Nowadays, we all take it for granted that any time you step out your front door, there’s a good chance that your picture is going to be taken at some point. It could be a visit to a convenience store, a passing police car, and now with drones, lounging on your front porch is liable to be subject to surveillance. But it’s not just the act of documenting your movements that can be creepy, it’s also type of surveillance that can be disturbing.
This is especially true for facial recognition technology, which can identify your facial features and cross-reference them with a database. You can expect this technology to become ubiquitous in the years ahead for its ability to catch criminals and increase profits for retail outlets. But while we’re on the subject, it won’t just be retail establishments using your face to blare “Minority Report” style ads in your face as you walk by. Apparently, churches with large congregations are starting to embrace facial recognition as well.
Moshe Greenshpan, the CEO of Israel- and Las Vegas-based facial recognition software company Face-Six, says there are 30 churches around the world using his Churchix technology. He launched the service just four months ago and says churches are already using it to scan congregants’ earthly visages to keep track of attendance at events in order to know who wasn’t there so they can check up on them, or who attends most frequently so they can ask those people for donations. He declined to name any of the churches using the technology citing the controversy around facial recognition. I asked him if any of the churches are based in Texas or Illinois, the only two U.S. states that have laws on the books about getting permission to collect peoples’ faceprints. “I prefer not to say,” said Greenshpan…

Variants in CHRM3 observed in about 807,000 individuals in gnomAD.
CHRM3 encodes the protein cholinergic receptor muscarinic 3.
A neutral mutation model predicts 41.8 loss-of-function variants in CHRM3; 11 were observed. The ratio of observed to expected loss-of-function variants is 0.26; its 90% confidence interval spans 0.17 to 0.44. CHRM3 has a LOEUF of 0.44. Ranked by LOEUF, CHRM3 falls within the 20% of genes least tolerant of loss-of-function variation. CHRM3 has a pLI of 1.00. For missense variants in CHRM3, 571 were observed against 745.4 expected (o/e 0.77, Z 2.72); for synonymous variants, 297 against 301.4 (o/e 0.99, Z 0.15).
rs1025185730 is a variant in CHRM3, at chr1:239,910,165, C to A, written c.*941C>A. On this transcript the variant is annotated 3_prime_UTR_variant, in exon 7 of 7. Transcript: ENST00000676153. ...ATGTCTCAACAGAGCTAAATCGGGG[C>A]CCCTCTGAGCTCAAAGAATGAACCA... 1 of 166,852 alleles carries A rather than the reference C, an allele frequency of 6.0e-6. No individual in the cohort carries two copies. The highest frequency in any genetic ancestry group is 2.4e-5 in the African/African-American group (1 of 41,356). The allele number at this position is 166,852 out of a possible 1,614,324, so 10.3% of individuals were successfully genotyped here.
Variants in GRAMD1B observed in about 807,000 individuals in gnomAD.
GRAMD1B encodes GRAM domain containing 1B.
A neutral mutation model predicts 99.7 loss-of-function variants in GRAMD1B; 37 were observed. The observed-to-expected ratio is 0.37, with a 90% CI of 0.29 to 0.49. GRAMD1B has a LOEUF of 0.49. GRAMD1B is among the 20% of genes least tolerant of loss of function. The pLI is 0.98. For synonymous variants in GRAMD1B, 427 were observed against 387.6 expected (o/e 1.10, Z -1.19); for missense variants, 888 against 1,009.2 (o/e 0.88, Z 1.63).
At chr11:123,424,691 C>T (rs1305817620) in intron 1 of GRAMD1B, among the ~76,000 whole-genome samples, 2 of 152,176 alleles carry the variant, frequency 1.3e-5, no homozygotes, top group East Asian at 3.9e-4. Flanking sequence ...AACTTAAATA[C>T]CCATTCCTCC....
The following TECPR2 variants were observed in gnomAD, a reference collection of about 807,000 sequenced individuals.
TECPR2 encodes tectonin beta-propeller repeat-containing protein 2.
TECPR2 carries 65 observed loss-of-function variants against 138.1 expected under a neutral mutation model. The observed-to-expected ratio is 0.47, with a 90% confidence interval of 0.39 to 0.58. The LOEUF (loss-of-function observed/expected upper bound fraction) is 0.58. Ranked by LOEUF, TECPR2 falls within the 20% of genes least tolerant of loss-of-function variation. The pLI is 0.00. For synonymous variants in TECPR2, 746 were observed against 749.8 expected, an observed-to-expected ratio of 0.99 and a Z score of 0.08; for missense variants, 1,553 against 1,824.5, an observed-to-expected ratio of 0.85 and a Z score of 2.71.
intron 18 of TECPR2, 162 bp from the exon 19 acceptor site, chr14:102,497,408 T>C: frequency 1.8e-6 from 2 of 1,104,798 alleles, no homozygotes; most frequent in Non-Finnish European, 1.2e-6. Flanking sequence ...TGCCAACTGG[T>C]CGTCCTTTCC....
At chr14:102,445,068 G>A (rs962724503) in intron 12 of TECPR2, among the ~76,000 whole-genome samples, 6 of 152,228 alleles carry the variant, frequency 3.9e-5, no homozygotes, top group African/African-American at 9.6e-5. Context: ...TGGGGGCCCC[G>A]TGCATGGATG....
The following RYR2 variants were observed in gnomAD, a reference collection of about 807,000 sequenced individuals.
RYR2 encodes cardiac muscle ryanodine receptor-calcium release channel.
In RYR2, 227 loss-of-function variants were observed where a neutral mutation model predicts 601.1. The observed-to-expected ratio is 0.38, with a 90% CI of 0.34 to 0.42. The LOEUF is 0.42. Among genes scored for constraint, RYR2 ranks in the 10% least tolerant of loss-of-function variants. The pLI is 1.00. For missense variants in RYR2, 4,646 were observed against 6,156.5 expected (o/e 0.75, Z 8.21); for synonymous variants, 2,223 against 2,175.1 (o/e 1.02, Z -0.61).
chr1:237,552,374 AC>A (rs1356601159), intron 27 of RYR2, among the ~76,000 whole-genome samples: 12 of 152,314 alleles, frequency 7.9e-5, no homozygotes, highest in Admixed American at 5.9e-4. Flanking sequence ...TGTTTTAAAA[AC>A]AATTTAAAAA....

…Greenshpan said the churches just have to upload one high-quality photo of a congregant to start scanning video or photos from gatherings to see if they were there. I asked him if the churches let people know they’re using the technology. “I don’t think churches tell people,” he said. “We encourage them to do so but I don’t think they do.”
That’s exactly the fear that privacy advocates have about the increasing roll-out of this technology: people’s faces are being put in databases and used to track them without any knowledge that it’s happening. Greenshpan argues that churches were already keeping track of who attended their events, but that his technology just makes it more efficient for medium-sized and mega-churches.
If that’s not sick, I don’t know what is. I know churches need money just like every other organization, but these are megachurches. Maybe I’m out of line here, but do they really need more money? Some of them rake in millions every year. They sound more like businesses than non-profits. The author of the article was skeptical of the notion that there may be churches secretly using this technology in states where doing so illegal, but I wouldn’t put it past them.
But what’s more creepy than using this to increase donations, is the fact that they’re using it to keep tabs on people who don’t show up, so they can “check up on them.” It sounds like they’re using this technology to foster a cult-like atmosphere.
We’re entering an age where secretive and intrusive surveillance will no longer be limited to governments. Corporations are already in this game, and now non-profits are starting to use this to reach their bottom line. In a sense, the all-encompassing surveillance regime that we’ve been warned about for years, is no longer on the horizon. It looks like it has finally arrived in full.
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Contributed by Joshua Krause of The Daily Sheeple.
Joshua Krause is a reporter, writer and researcher at The Daily Sheeple. He was born and raised in the Bay Area and is a freelance writer and author. You can follow Joshua’s reports at Facebook or on his personal Twitter. Joshua’s website is Strange Danger .